Portland, Maine

Photo: Eventide Oyster Co.
Photo: Eventide Oyster Co.

Lobsters, steamers, crabs, clams, corn on the cob, and, don’t forget, blueberry pie. As you’re plotting your next trip to Maine, food—along with a flight, a hotel, and a rental car—is undoubtedly part of the plan. But Portland’s culinary scene has stretched far beyond the ingredients that make up a clam bake. So you might want to add restaurant reservations to your list, as well.

Maine’s largest city—one third of the state’s population lives here—sits at the mouth of the Fore River along Casco Bay. It’s long been visited for its historic harbor, which is filled with old fishing piers, cobblestone streets, and 19th-century brick buildings. But within New England, the city has also long been known for its delicious food. The Portland Farmers Market, held Wednesday morning in Monument Square, has been operating since 1768. Sea cucumbers are harvested and shipped as far away as Asia. Breweries fill the Old Port. While the city has the most restaurants per capita of any city in the entire country.

When you arrive in Portland, head to Eventide Oyster Co. for lunch. About 20—yes, 20!— types of oysters sit in ice atop the granite bar. Half of the oysters, including seaweedy Norumbegas and briny Pemaquids, come from Maine. The other half arrive from as far away as Washington State and the west coast of Canada. They’re served with traditional accoutrements, like cocktail sauce and red wine mignonette, or more inventive ones, such as kimchi and pickled ginger. Eat them with a cocktail that pairs well with their salty flavor. The Bubbly Mary, made with cava, works quite nicely.

Photo: Jen Dean, Fore Street Restaurant
Photo: Jen Dean, Fore Street Restaurant

After stuffing yourself with oysters—to compare as many as possible, of course—it’s a good thing you have a late dinner reservation. Fore Street is just a few blocks from Eventide. The open restaurant features a wood-burning oven, a soapstone hearth, and a James Beard award-winning chef. The menu changes daily, though it’s always locally sourced. Appetizers might include roasted Maine mussels with garlic almond butter and a charcuterie with stone ground mustard. Oven-roasted hake and turnspit-roasted rabbit might be included on the list of entrées. While handmade chocolates shouldn’t be overlooked for dessert.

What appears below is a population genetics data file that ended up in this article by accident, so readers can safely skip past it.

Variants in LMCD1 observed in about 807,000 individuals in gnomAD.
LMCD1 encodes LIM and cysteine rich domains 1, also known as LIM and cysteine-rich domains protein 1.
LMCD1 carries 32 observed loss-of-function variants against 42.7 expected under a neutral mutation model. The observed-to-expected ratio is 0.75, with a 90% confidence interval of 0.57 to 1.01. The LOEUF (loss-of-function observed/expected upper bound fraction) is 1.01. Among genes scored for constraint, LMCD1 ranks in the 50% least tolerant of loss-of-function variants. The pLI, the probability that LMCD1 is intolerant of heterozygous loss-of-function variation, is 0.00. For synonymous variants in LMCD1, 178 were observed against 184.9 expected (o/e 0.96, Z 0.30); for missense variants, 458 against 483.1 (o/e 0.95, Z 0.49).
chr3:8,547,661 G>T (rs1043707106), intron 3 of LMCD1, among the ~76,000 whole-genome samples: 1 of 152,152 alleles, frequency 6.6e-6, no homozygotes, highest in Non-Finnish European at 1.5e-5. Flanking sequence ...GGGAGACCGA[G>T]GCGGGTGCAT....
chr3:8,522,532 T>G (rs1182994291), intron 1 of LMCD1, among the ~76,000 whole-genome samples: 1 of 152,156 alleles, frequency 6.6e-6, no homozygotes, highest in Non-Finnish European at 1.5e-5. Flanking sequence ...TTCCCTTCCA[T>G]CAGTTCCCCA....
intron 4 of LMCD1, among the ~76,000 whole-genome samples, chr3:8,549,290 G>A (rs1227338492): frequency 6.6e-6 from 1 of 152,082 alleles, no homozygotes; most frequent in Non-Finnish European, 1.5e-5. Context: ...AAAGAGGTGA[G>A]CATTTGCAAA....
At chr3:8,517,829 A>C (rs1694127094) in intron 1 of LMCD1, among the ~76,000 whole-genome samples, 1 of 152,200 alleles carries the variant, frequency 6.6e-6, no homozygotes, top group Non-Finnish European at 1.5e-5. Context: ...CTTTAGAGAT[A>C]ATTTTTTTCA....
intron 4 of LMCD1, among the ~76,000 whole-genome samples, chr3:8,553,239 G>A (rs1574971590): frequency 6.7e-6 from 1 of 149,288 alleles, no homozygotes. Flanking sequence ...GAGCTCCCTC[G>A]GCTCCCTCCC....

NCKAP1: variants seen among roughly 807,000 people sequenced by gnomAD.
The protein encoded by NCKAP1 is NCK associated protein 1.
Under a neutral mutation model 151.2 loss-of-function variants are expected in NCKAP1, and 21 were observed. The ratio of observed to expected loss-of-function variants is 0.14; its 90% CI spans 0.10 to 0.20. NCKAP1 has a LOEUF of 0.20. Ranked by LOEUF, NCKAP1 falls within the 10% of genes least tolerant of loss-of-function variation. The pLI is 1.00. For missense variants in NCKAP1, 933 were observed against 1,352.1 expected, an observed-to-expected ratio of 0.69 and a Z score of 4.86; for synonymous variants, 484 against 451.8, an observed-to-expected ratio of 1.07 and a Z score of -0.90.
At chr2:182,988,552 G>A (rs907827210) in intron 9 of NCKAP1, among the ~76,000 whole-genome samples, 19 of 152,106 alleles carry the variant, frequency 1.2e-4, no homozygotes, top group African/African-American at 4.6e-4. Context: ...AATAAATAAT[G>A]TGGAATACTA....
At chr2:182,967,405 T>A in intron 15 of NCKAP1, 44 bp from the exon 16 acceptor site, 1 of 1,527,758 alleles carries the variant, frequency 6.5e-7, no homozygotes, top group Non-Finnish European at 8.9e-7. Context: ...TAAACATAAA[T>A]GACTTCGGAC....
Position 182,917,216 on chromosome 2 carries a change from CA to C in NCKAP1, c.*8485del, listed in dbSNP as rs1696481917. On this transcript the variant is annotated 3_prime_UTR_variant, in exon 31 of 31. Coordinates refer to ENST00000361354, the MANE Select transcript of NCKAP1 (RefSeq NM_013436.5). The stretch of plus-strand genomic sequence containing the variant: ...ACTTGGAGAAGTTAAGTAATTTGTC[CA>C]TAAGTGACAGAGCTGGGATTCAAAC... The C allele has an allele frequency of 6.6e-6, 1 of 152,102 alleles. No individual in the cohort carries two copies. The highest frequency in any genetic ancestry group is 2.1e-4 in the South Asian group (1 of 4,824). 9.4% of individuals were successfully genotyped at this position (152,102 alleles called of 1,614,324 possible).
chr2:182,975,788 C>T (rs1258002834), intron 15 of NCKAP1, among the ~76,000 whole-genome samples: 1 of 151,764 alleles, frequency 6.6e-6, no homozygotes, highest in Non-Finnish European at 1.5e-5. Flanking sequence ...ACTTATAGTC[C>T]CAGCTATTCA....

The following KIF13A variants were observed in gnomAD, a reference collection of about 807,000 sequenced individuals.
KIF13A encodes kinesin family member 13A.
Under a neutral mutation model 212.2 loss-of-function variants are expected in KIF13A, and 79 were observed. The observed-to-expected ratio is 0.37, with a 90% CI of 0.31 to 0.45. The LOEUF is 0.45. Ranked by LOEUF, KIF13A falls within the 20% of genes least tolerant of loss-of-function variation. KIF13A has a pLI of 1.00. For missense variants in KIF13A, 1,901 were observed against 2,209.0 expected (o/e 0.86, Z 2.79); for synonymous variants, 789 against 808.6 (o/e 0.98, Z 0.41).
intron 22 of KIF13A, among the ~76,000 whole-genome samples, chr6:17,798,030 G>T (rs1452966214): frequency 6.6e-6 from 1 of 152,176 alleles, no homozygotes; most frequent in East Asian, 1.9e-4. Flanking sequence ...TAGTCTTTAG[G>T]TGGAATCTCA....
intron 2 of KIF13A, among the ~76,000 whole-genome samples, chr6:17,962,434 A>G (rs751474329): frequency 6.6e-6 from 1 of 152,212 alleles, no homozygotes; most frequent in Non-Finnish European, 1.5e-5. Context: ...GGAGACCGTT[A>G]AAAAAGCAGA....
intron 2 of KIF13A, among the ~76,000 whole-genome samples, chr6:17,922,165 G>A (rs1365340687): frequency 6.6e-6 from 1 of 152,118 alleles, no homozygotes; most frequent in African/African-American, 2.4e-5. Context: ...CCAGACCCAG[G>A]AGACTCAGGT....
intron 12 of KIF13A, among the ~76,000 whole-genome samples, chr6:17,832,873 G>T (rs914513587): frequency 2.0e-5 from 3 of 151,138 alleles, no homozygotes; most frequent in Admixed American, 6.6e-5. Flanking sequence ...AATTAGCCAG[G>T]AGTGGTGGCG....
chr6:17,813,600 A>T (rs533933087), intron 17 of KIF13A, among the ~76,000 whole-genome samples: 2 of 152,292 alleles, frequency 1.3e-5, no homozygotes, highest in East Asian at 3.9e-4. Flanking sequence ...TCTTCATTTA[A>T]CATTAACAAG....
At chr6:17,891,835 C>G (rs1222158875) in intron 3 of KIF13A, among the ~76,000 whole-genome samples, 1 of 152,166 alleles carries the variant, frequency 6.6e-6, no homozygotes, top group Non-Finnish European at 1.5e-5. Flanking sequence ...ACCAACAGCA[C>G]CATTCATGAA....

Spend the next day wandering through the art galleries and the museums along Congress Street in the Arts District. Your dinner reservation tonight, at Vinland, is right in this area near the Portland Museum of Art and Congress Square Park. Vinland is known for its local, organic food and well-priced, eight-course tasting menu. Bites of beet chips with herbed chèvre and griddled corn bread with honey butter arrive first. They’re followed by a rich turnip soup. The seafood dishes feature black bass and monkfish, while the meat ones include raw beef, crispy skin chicken, and pork belly. Though once again completely full, you can’t put down the buckwheat sandwich cookie at the end of the meal.

Before your departure the next day, you drive south along the rocky coast. Despite a sea breeze that cuts right through your jacket, it’s still a beautiful day with bright sunshine, circling seagulls, and the sound of crashing waves. When you see the Lobster Shack at Two Lights, you decide to stop for lunch. You can’t leave Maine without eating any lobster. And the lobster options are endless here. A lobster roll, a lobster salad, and lobster stew all sound amazing. Or you could just go for the full lobster dinner. Regardless of what you select, it will be delicious, just like the rest of the food on this trip.

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